Its dark at 7:00 am. Thinking back in the near past of summer, I remember that by this time I had gone for a swim, put the cows in the barn, walked through the garden, weeded, and made my second cup of coffee.
This time the winter, we walk the 4ft to the wood shed, make up the fire, and manage to get the coffee made. Period.
At this time of year, we trudge towards that mark that is the Solstice. The 21st of December. The point in the year when we finish our trip into the darkness, and begin to walk outwards towards the growing season. Each year, we are convinced we can see the change in the light on January 3rd. When we have officially gained no more than a minuet and a half of daylight. But after 7 am darkness for weeks on end, we are sure we can see it. Placebo effect. Probably.
At the end of December we can digest the fact that we have finished 30 of the 60 coldest days of the year. We start to form an opinion about the winter. We have gathered 30 percent of our experiential evidence with which to pass judgment on the winter of 2012 -2013. We start to formulate the vocabulary to talk about the winter. Was it Icy? Cold? Harsh? Easy? Hard? Mild?
The Steel gray light of a weak sun starts to fill in the tree line on the ridge, and makes it bearable to go out and start the chores. The cows have been in the barn for the night, as they are for every night until March or April. The time when life starts earlier and brighter each day, with the walks on the land, the starts to smell of life again.
Tuesday, October 30, 2012
Hello Sandy. She hit our mountain side last night. All the cows were tucked in the barn with plenty of hay and bedding. Our cows Sally and Grace just made it home from summer camp. They spent the summer grazing over at our friends farm who has more pasture than she can shake a stick at! The cow population on the mountain side dropped to four this past summer. Two milkers. Two calves So Sally and Grace stuffed their faces for five months, arrived home last week, and have big round bellies to prove it.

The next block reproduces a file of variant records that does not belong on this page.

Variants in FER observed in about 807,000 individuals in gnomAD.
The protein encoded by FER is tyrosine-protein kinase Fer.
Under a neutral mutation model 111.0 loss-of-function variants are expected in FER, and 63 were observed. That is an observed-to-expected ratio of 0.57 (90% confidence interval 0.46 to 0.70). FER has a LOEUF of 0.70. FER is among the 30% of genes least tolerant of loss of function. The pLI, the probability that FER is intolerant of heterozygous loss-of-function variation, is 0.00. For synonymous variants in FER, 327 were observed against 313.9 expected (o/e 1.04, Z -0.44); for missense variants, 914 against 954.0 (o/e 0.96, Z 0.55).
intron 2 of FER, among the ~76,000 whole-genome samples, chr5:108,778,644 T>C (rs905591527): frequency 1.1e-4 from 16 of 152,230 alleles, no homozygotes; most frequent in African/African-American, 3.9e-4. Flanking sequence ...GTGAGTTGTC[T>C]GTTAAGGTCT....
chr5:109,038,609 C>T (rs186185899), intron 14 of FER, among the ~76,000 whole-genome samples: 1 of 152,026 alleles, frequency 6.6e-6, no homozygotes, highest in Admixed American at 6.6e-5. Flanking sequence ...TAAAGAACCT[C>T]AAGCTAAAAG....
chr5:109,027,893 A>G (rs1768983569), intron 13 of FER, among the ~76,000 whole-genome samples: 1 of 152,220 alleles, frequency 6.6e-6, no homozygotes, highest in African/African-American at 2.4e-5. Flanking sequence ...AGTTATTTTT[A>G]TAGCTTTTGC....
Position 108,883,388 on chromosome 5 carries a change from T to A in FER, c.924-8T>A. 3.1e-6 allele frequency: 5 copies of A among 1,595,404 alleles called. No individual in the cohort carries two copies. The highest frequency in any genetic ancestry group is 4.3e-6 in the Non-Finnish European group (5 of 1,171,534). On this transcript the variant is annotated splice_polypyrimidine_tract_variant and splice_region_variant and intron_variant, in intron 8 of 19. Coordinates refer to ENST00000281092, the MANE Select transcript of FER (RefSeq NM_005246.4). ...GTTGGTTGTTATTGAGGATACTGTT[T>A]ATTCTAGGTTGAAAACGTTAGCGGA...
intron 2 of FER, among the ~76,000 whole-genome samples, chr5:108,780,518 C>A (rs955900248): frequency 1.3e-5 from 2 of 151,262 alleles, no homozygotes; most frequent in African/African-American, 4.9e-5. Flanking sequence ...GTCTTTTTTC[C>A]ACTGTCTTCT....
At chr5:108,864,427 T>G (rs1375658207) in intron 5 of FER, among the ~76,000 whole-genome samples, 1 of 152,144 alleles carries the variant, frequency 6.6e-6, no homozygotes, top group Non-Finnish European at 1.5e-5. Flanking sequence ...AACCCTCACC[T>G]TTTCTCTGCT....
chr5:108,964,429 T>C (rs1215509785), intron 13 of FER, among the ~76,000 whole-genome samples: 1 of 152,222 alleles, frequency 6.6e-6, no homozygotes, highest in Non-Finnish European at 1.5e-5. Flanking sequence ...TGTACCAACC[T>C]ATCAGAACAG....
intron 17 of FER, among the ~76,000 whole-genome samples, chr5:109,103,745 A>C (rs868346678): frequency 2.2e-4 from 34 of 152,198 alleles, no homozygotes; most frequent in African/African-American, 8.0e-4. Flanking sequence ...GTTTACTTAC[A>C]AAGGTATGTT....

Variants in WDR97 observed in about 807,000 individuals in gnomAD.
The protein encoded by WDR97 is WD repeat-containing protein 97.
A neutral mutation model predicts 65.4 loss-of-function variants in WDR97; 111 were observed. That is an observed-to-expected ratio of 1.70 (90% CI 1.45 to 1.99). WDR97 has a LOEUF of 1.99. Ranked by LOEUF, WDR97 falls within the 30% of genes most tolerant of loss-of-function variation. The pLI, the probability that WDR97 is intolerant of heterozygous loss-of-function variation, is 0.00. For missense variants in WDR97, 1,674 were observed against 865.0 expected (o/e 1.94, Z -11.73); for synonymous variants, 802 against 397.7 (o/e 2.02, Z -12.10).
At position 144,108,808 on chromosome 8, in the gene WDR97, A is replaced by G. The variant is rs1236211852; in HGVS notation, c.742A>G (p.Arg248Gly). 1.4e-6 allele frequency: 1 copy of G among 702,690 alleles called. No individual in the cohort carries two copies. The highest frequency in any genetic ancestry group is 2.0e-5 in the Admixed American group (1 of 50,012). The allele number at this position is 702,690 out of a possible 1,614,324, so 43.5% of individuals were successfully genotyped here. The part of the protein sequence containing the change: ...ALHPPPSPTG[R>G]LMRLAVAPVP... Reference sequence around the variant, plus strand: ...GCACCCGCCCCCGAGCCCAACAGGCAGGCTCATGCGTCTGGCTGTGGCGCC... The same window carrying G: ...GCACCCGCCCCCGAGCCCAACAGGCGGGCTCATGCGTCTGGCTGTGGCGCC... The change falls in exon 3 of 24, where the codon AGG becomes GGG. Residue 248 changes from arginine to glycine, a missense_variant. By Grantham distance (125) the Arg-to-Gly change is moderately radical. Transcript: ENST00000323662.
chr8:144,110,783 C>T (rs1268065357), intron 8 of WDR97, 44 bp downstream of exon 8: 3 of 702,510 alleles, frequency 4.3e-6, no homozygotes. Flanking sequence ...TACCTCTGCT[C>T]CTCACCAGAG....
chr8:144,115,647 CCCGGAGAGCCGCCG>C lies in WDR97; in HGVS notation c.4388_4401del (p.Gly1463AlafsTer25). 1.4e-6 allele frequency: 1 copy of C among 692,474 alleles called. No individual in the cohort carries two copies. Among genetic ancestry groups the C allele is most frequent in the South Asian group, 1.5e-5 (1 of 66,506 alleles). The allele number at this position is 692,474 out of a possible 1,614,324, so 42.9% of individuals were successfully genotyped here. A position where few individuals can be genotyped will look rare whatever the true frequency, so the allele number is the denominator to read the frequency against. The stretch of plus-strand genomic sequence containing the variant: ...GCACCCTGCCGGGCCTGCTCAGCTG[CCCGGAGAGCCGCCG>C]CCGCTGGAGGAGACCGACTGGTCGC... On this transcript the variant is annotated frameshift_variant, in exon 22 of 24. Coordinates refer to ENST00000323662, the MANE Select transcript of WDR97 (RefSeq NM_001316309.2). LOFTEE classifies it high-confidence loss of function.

Sunday, June 17, 2012
Meet the newest addition to Symphony Farm -- Silvi! Siobhan freshened on May 21st. We were struggling on an "S" girl name -- as we like to keep the first letters the same as their mamas to help track lineage. Because we both teach in schools and have had our share of students that are royal pains in the asses, that eliminates a bunch of names from the pool. Jinxing our cows would not be cool. And since we plan on having our own family, we can't use up the good "S" names on the bovines. So...we turned to our dear ones near and far on Facebook. Unfortunately, most folks completely skipped the "S" name request and asked that we name them after themselves. Jonathan was pushing hard for "Sorcha," Gaelic for freedom and light and I was routing for good ol' Sinead. Both were denied by the other. Four days later, Jonny came in and said, "I gave Silvi her two bottles." What a perfect name.
|Mama Siobhan and Silvi|
As I write this, we are turning to you, our readers, for "C" names, as Camille has (by the sounds of it) given birth to her first calf. We're off to see if we have a bull or heifer calf.
Thanks to Siobhan (and Camille) the milk is aflowin' and ready to be picked up. Give a ring to the farm if you are interested - 802-883-2269. Peace.
Friday, March 30, 2012
In the middle of this roller coaster which we call New England weather, I try to stay focused. Seeds need to be started. One step. Watch them to be sure they germinate. Two steps. Get the cows sleeping outside of the barn. Quit doing so many barn chores. Three steps.
The strides lengthen: adding compost to the garden, digging a new bed design, thinking about flowers, transplanting lilac, and frost seeding new pasture during prime conditions.
Life by the seasons can both slow time and accelerate time. The beauty of cows is they are a like a the steady consistent beat of a bass drum. Keeping time, even though we humans experience time faster on some days and slower on others.
Thats the news from the symphony were we are adding notes to the composition as the weather gets warmer
Tuesday, January 24, 2012
Ramona hails from the Charlie Carrier farm in Williamstown, VT She is part Ayshire and part Jersey. Her grandmother is named Red. Charlie isn't into raising half breeds, so I took this little bugger home in the trunk of Corrolla, and plopped her down on a fresh bed of hay. Fed her a bottle of milk, and put her to bed. She will raise up to be a fine family cow for some one who wants to hand milk, or do a little raw milk. For now, it is just a good feeling to divert a small critter from the production line of dairy to the artisian line of small farm land stewards, and crafted care. It is very interesting the difference between going to work milking cows for a pay check, and coming home to cows that don't make much money at all, but give us a sense of life and purpose on the planet. A truth, that our food we eat is crafted by our own hands, and the footprint of the food is only 50 yds from the house. That the soil, air and water are positively impacted by the bites we take in our mouth. No pay check, or gross profit analysis can take truth from the physical evidence of your place on earth.